The most recent email newsletter from ArtKrush, a sister publication of Flavorpill, featured this Boston Globe article about Roy Lichtenstein's questionable sampling. The journalist, Alex Beam, writes:
"Color me naive, but I never thought Lichtenstein's work was a direct copy of scenes from comic books. I assumed that he stylized certain scenes suggested by the comic vernacular of the 1950s and 1960s. 'He tried to make it seem as though he was making major compositional changes in his work, but he wasn't,' says [David] Barsalou, who teaches at the High School of Commerce in Springfield. 'The critics are of one mind that he made major changes, but if you look at the work, he copied them almost verbatim. Only a few were original.'"Barsalou's website, "Deconstructing Roy Lichtenstein," shows the original comic panels alongside the related Lichtenstein painting. It's worth a look.
That Lichtenstein stole his imagery from superior artists doesn't particularly bother me. At least, it bothers me a lot less today than it did a decade ago. The disapproving murmurs regarding "the implications for copyright law" will soon be mute; for better or worse, intellectual property is swiftly becoming a thing of the past. Lichtenstein's "borrowing" may have been deemed outrageous in the 1960s - had he been exposed - but we now live in the era of the re-mix and the sample. It doesn't matter that he stole. (Curiously, Lichtenstein got rich turning work intended for print reproduction into "one-of-kinds." Today, we are beginning to see some back swing of this pendulum, with reproduction and dissemination gaining ground on the one-of-a-kind sacred object.)
What does bother me - nay, what infuriates me - is Lichtenstein's elitism. The effete hack sampled, but he did so without acknowledging the source. He knew he could get away with it, as his social situation protected him from any outcry on the part of the comic artists. Lichtenstein was a member of the "high art" aristocracy. All but a few of that circle - artists, critics, dealers, and collectors alike - held the more popular (and populist) art forms in contempt, believing them trivial, mundane, and intellectually bereft. And to that, I expectorate, "Fuck you, assholes."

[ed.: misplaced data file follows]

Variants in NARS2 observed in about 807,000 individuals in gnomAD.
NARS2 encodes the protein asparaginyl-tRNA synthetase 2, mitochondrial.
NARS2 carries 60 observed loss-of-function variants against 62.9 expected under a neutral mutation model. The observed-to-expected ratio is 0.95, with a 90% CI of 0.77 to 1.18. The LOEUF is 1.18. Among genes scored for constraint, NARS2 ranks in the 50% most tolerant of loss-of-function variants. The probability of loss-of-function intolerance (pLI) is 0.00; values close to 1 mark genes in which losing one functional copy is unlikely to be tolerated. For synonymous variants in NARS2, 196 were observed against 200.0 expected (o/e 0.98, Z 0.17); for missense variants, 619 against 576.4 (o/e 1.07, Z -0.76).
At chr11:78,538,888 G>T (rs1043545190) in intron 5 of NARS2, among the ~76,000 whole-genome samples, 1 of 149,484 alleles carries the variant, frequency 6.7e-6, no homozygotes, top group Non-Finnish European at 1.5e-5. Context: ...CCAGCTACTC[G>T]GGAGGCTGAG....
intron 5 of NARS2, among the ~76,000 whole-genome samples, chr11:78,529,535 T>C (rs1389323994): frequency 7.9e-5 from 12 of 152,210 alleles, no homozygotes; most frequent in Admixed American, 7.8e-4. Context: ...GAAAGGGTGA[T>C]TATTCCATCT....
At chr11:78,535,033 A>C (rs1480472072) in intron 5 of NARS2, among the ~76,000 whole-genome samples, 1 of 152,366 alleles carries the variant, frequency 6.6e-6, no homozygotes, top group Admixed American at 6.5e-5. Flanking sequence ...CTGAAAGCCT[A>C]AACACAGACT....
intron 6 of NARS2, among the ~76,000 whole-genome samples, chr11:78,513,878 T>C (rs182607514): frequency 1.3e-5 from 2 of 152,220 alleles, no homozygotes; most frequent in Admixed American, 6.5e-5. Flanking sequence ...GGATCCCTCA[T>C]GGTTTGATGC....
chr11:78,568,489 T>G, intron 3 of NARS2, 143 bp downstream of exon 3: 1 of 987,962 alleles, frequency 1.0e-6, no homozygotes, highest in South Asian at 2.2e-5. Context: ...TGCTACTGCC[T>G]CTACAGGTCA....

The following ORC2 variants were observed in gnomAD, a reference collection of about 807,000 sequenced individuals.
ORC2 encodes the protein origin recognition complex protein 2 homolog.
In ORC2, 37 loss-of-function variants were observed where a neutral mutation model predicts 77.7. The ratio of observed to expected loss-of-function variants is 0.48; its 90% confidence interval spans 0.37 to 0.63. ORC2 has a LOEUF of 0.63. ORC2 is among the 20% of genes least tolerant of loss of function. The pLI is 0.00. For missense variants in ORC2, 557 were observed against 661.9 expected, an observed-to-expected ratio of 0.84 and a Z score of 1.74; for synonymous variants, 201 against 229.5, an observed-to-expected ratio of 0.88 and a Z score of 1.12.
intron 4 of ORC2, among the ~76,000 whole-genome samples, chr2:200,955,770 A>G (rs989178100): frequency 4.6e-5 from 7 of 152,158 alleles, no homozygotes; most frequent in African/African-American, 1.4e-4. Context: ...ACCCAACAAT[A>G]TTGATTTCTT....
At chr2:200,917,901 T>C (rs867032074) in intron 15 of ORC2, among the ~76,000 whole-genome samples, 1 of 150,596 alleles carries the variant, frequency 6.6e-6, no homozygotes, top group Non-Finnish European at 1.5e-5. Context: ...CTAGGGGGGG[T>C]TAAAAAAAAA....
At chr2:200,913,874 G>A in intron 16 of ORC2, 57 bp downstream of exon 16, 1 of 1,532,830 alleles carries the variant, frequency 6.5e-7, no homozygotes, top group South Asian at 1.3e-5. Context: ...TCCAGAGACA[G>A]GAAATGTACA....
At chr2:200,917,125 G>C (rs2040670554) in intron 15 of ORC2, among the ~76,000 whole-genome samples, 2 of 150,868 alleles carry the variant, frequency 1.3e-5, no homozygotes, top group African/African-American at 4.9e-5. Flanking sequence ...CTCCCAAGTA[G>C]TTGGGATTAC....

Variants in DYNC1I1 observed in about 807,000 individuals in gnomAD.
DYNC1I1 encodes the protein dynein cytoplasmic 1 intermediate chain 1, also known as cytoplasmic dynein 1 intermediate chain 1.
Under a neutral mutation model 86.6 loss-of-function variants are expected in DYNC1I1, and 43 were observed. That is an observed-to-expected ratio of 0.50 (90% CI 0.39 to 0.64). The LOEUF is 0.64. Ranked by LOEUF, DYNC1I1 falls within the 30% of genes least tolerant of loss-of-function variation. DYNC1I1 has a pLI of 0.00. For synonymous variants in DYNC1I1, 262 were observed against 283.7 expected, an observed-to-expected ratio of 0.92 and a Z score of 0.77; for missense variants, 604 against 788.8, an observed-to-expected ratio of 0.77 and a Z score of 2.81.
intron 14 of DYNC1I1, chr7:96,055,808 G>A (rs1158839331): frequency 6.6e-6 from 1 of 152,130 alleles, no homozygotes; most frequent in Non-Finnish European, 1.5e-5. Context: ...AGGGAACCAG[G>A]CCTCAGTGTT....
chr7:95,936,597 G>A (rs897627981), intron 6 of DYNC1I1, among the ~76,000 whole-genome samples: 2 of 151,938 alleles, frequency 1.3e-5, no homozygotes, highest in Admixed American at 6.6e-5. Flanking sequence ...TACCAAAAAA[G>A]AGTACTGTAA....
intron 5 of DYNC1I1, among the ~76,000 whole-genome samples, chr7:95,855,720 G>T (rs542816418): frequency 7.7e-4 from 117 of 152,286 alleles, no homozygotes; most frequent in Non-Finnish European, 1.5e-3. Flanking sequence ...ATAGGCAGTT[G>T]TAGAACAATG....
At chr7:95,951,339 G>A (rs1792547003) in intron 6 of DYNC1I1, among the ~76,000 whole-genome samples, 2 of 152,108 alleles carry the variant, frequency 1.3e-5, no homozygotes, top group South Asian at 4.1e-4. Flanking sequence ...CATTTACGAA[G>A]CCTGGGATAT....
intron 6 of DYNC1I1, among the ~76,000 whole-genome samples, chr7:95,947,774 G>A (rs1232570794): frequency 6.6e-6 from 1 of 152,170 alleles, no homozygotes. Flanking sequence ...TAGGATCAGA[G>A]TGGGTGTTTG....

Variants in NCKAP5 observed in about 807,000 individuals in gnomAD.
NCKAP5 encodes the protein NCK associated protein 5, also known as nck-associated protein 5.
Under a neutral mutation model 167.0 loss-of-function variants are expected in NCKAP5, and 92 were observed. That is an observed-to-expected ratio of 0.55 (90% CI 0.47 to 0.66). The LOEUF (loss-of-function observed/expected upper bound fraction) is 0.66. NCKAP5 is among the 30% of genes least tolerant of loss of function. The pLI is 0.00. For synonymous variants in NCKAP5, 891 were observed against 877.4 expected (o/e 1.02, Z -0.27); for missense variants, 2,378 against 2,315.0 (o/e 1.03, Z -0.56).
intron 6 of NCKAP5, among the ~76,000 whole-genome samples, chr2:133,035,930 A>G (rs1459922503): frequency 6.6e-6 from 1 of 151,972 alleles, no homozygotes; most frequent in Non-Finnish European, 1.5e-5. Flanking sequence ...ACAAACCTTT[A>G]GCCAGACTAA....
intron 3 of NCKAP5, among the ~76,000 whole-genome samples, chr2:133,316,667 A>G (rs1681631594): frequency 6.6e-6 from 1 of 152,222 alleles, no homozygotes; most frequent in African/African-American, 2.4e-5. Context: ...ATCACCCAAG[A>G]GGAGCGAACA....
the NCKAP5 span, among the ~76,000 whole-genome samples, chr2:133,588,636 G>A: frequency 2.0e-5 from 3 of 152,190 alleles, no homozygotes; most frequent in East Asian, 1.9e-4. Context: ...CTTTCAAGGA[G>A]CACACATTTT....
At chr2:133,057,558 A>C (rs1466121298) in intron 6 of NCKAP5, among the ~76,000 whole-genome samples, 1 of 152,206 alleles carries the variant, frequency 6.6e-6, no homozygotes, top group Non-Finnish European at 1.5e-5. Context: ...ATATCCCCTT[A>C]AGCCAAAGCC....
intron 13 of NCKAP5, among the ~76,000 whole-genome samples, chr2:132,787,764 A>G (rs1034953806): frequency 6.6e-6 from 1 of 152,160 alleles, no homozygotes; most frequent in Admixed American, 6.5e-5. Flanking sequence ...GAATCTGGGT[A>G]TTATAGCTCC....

A decade ago, when I was more likely to let fists fly, Lichtenstein was the one artist I dreamed of pummeling. I can't rationalize this rage, but one rarely can; I loathe the man for his absurd insistence that his cribbed paintings were works of art while the source was mere froth.
Happily, I rest more easily these days, confident that Lichtenstein is quickly turning into a cultural blip, one of the many hundreds of artists celebrated in his or her lifetime, only to be discarded or, at best, relegated to the footnotes decades after their death.
The moral of the story: we like comics better than phonies and, Roy, we're fed up with your kind.
Photo credit: image ripped from "Deconstructing Roy Lichtenstein"